University of California

Volatility of herbicides under field conditions


B. E. Day
E. Johnson
J. L. Dewlen

Authors Affiliations

B. E. Day was Associate Plant Physiologist, University of California Citrus Experiment Station, Riverside; E. Johnson was Field Supervisor, Agricultural Pest Control, California Department Agriculture, Los Angeles; J. L. Dewlen was Deputy Agricultural Commissioner, Riverside County.

Publication Information

Hilgardia 28(11):255-267. DOI:10.3733/hilg.v28n11p255. February 1959.

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Herbicidal formulations of 2,4-D, 2,4,5-TP, and amino triazole were tested for volatility under high summer temperature conditions in the Coachella Valley, California. The herbicides were applied to plots in cotton fields and the degree and extent of injury to surrounding cotton plants served as a measure of the volatility of the herbicides. Formulations of 2,4-D were found to be increasingly volatile in the order amine salts, acid, and low-volatile esters. It was determined that vaporization of the herbicides occurred predominantly during the daytime. A low volatile formulation of 2,4,5-TP appeared to be as volatile as similar formulations of 2,4-D but produced only minor injury symptoms on cotton. Amino triazole appeared to be entirely free of volatility hazard.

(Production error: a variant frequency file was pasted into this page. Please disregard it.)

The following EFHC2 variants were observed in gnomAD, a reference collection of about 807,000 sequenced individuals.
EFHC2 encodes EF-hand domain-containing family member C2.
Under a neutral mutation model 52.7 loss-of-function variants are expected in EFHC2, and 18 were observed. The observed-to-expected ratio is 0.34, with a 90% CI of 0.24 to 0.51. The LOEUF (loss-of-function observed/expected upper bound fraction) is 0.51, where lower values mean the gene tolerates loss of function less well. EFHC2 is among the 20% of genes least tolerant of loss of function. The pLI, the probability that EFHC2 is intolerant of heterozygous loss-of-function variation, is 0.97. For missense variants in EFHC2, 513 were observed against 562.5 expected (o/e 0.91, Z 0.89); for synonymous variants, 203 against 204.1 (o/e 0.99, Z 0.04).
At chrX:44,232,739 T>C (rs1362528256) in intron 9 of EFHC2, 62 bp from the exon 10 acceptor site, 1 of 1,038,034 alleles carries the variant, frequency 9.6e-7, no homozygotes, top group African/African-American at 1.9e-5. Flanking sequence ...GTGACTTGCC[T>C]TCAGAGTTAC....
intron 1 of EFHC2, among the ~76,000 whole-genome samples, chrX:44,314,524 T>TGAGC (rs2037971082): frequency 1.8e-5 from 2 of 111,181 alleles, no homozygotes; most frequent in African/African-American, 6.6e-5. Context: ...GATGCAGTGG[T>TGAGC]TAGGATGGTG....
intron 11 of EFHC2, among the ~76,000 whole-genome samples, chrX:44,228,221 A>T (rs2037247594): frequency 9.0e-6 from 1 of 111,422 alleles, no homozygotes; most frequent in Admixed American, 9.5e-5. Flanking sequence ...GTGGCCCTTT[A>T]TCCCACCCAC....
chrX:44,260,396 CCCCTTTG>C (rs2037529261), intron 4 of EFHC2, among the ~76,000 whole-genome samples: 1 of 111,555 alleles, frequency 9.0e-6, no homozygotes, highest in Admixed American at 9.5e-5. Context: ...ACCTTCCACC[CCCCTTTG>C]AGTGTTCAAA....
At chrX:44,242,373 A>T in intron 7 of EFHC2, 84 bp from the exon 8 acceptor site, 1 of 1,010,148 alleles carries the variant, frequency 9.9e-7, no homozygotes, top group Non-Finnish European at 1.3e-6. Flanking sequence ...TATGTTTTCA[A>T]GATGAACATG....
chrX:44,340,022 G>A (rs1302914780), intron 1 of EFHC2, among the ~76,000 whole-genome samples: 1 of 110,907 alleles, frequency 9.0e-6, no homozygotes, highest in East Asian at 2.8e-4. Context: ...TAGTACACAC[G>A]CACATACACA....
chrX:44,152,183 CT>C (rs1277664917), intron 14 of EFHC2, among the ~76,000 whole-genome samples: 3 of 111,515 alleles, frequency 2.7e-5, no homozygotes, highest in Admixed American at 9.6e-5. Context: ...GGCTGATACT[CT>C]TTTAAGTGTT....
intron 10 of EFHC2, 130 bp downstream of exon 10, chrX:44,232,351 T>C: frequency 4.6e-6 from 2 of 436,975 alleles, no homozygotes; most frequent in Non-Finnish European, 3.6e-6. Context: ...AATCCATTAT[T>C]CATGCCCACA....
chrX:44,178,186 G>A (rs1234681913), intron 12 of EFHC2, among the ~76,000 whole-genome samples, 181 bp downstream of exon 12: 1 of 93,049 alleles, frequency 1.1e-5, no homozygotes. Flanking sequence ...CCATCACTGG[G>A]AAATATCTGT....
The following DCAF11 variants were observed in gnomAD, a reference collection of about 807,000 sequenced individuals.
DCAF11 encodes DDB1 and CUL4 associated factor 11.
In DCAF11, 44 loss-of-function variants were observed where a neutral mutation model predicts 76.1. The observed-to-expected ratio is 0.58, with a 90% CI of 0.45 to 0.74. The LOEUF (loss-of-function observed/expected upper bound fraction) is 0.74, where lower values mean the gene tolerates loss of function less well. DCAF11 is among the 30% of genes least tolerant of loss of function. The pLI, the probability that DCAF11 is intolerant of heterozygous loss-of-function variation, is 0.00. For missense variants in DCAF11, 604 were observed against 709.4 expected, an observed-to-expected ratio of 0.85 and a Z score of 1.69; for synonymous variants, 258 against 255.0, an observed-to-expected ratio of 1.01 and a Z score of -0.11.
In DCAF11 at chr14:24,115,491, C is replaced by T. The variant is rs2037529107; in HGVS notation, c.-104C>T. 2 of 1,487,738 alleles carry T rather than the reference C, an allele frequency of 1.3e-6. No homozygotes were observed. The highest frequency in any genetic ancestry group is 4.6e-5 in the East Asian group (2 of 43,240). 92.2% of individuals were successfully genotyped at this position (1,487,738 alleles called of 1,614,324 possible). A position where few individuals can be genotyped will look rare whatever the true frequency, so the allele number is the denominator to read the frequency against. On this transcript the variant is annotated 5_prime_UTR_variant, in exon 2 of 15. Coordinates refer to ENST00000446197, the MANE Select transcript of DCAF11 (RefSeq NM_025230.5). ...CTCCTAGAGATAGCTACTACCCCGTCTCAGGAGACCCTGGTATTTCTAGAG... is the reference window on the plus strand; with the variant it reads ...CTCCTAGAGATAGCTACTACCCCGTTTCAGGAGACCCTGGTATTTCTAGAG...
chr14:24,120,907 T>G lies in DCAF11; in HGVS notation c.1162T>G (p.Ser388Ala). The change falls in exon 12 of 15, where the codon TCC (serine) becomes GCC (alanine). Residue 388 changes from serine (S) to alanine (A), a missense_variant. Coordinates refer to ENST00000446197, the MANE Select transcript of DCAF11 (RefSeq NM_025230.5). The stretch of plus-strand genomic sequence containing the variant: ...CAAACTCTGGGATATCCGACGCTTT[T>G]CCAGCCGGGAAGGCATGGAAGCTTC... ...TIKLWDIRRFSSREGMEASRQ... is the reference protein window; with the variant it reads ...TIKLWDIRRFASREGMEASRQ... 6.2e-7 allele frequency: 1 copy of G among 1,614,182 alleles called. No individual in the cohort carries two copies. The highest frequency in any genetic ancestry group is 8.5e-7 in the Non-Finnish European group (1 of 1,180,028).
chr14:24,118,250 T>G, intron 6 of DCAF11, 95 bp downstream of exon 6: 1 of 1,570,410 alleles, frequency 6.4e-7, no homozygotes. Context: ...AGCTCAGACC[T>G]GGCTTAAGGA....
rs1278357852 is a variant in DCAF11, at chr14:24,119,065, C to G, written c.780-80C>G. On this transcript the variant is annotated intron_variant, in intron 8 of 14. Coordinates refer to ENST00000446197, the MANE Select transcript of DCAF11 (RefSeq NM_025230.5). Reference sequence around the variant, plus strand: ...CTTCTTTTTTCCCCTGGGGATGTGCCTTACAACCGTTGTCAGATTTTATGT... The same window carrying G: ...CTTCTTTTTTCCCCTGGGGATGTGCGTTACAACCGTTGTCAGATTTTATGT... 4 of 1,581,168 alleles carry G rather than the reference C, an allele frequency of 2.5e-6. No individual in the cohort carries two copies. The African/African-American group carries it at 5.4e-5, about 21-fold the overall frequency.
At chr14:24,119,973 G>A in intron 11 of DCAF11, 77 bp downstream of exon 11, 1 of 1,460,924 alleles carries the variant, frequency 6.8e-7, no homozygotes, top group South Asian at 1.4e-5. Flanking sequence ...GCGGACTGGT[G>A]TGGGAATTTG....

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Day B, Johnson E, Dewlen J. 1959. Volatility of herbicides under field conditions. Hilgardia 28(11):255-267. DOI:10.3733/hilg.v28n11p255
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